And if you look throughout church history, I think you’ll find that most Christians have come from a place of low status. And there are very few exceptions to that rule. It’s true, there are some Christians who are wealthy and powerful and some really brilliant people. I’ve known a few Christians like that. The apostle Paul was certainly one of those people. But for the most part, people that get saved are just plain common folk. People like us.
Look at the apostles. Mostly fishermen. Blue collar workers. Galilean hicks, for the most part. The kind that the people in Jerusalem stuck their noses up at and regarded them as lowbrow. Looked down on them. So, Paul says, “That’s what you all used to be before you came to Christ.”
His point is, there’s no justification for spiritual pride in the church. There’s no justification for spiritual arrogance. Those of us who are in the church are sinners, misfits and losers. And if you find those labels offensive, then you don’t understand the gospel. Because every single one of us had to come to the end of ourselves and recognize, “There is absolutely nothing in my performance that makes me acceptable to God. I was nothing but a sinner, a misfit and a loser, and the only thing that makes me other than that today, is the grace of God and the message of the cross”.
And that’s what Paul is saying, “There is therefore no basis for boasting in ourselves.” You see, if God only picked powerful and wealthy and brilliant and awesome people all the time, then when those people get used by God, the rest of us would look at them and go, well, no wonder God used them. They’re so brilliant. They’re so articulate. They’re knowledgeable. They’re amazing.”
But God doesn’t do that. God does his work so that when you see what he’s able to accomplish using average people, then you have to say, “It’s obvious that the Lord is the one doing this.” And, as a result, he gets the glory.
And you see this over and over in scripture. In the story of Gideon, Gideon had 32,000 soldiers to go into battle against the Midianites who had over 120,000 men. But God said, “Gideon, you’ve got too many soldiers”, so he trimmed them down to 22,000. But God said again, “You’ve still got too many soldiers” and he trimmed them down to 300.
And God told Gideon why he did that. He said, “When all of this is over, when you defeat the enemy, I don’t want anyone in Israel saying, ‘Look at what we did.’ I want you to say, ‘Look at what God did.’”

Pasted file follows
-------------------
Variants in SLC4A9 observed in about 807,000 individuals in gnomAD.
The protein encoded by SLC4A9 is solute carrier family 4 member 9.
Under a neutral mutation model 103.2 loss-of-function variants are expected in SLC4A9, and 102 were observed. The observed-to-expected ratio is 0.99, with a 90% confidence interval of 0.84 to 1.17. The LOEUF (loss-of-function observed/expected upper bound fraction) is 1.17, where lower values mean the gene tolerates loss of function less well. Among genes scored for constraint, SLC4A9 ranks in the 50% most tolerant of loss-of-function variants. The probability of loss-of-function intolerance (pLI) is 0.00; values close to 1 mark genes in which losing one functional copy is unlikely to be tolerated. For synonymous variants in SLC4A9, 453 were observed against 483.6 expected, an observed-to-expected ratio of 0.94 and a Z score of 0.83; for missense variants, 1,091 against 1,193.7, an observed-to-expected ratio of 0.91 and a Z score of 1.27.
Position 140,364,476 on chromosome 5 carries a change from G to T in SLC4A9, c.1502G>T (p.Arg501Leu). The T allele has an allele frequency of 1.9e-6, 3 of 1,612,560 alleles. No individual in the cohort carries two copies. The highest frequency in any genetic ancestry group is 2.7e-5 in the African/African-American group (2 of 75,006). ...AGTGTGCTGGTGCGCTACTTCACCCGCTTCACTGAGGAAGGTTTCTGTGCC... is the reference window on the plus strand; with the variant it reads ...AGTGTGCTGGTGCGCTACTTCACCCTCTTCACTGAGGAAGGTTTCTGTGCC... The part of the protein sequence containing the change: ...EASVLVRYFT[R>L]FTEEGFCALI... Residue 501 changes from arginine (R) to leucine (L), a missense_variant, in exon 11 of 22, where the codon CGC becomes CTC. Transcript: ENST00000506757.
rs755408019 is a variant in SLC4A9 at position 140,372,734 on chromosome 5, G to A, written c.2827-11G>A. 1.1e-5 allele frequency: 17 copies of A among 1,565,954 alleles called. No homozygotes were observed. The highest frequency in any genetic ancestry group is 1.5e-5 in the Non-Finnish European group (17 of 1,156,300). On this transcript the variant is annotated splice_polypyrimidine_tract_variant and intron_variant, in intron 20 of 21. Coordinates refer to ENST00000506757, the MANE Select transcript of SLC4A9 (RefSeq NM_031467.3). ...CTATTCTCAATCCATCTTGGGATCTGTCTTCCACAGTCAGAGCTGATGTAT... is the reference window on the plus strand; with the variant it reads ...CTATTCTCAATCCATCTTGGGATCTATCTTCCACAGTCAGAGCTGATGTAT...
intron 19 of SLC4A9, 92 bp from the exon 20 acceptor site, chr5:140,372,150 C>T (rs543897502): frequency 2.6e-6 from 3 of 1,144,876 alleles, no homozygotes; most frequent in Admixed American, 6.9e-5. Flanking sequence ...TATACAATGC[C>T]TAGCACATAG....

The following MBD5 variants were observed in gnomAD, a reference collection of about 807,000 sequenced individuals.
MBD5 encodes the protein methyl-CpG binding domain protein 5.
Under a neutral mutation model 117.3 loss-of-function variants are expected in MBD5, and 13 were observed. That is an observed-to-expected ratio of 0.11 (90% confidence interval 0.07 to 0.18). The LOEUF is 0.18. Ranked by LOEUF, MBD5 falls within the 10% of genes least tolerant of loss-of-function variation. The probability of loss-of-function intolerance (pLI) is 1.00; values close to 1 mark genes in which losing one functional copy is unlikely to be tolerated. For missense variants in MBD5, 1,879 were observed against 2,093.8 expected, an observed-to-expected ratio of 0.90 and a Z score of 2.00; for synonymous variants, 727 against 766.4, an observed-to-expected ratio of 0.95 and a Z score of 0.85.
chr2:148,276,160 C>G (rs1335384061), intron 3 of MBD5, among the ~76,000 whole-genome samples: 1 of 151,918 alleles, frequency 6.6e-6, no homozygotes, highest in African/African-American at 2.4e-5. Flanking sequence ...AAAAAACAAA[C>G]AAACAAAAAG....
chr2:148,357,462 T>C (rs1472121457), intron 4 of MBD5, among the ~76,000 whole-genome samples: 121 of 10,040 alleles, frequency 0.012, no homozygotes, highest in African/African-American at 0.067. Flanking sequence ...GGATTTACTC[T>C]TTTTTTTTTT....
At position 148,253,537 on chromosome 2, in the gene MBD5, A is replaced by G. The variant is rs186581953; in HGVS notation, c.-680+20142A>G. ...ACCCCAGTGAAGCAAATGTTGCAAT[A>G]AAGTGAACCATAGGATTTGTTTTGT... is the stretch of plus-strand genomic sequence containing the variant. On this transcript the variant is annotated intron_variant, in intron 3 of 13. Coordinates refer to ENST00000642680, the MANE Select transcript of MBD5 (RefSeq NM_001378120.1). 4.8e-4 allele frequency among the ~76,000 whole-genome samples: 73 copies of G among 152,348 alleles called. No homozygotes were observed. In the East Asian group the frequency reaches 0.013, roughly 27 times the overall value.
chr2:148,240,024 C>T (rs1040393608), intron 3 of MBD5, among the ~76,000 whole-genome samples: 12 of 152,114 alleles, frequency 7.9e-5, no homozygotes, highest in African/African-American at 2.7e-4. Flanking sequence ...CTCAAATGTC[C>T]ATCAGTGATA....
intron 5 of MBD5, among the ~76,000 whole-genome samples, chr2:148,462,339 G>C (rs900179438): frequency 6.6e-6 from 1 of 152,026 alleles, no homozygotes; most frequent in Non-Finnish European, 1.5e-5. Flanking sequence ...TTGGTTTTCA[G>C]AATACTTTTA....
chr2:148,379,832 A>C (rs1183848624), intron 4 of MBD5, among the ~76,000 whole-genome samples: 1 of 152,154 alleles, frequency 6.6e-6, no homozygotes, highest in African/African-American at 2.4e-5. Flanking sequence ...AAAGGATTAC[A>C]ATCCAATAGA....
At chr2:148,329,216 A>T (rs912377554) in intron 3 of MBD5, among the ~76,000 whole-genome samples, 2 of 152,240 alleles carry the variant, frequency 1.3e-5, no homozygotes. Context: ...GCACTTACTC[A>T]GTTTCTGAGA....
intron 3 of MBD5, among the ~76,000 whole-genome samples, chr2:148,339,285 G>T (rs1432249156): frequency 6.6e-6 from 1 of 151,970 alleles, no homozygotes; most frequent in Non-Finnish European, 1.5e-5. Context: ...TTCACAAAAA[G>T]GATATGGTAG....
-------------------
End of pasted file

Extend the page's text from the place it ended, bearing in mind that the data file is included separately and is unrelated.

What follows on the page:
But we are so slow to learn this lesson. We want to be able to say, “Look at how strong I am. Look at how smart I am.” And so, we get into arguments with other Christians who don’t agree with us, and we choose up sides and gather people around who see things the way we do, and we divide the church. Just like the Christians at Corinth.
And the solution for us is the same solution Paul gave Corinth – focus on the message of the cross. Follow the example of Jesus. Who didn’t feel the need to prove that he was stronger than anyone else. And he didn’t have to prove that he was smarter than anyone. As he went to the cross, he demonstrated his commitment to sacrifice, service and submission. And he taught us that if we follow him, we have to be willing to do the same thing.
In chapter 2, Paul used himself as an example: “When I first came to you, dear brothers and sisters, I didn’t use lofty words and impressive wisdom to tell you God’s secret plan. For I decided that while I was with you I would forget everything except Jesus Christ, the one who was crucified. I came to you in weakness—timid and trembling. And my message and my preaching were very plain. Rather than using clever and persuasive speeches, I relied only on the power of the Holy Spirit. I did this so you would trust not in human wisdom but in the power of God.”
Paul says, when he came to Corinth, he didn’t come to be impressive; he didn’t come with great oratory; he didn’t come with impressive words; he didn’t come in any way that the Greeks or the Jews found impressive at all. As a result, the Jews were offended; the Greeks thought he was ridiculous. But Paul was determined to center his and his teaching around one thing and one thing only – Jesus Christ and him crucified.
It’s easy, I think, for preachers to fall into this trap of feeling that they need to impress. And so, they slip back into a performance mentality because, “I’ve got to find a message that will impress people, and preach it in a way that people will be impressed with because I want people to think I’m impressive.”
Paul said, “I’m interested in impressing you, I just want to share the message about Jesus. “I did this so you would trust not in human wisdom but in the power of God.” Thereit is again, this idea that there’s nothing amazing about us or what we do. It’s what we allow God to do through us.
May God help us to get rid of our arrogance and pride and the need to prove that we’re better or smarter or righter than anyone else in the church. And may we all be reminded of what needs to be at the center of our lives – the message of the cross. A message that calls us to follow the example of our Savior, living lives of sacrifice, service and submission.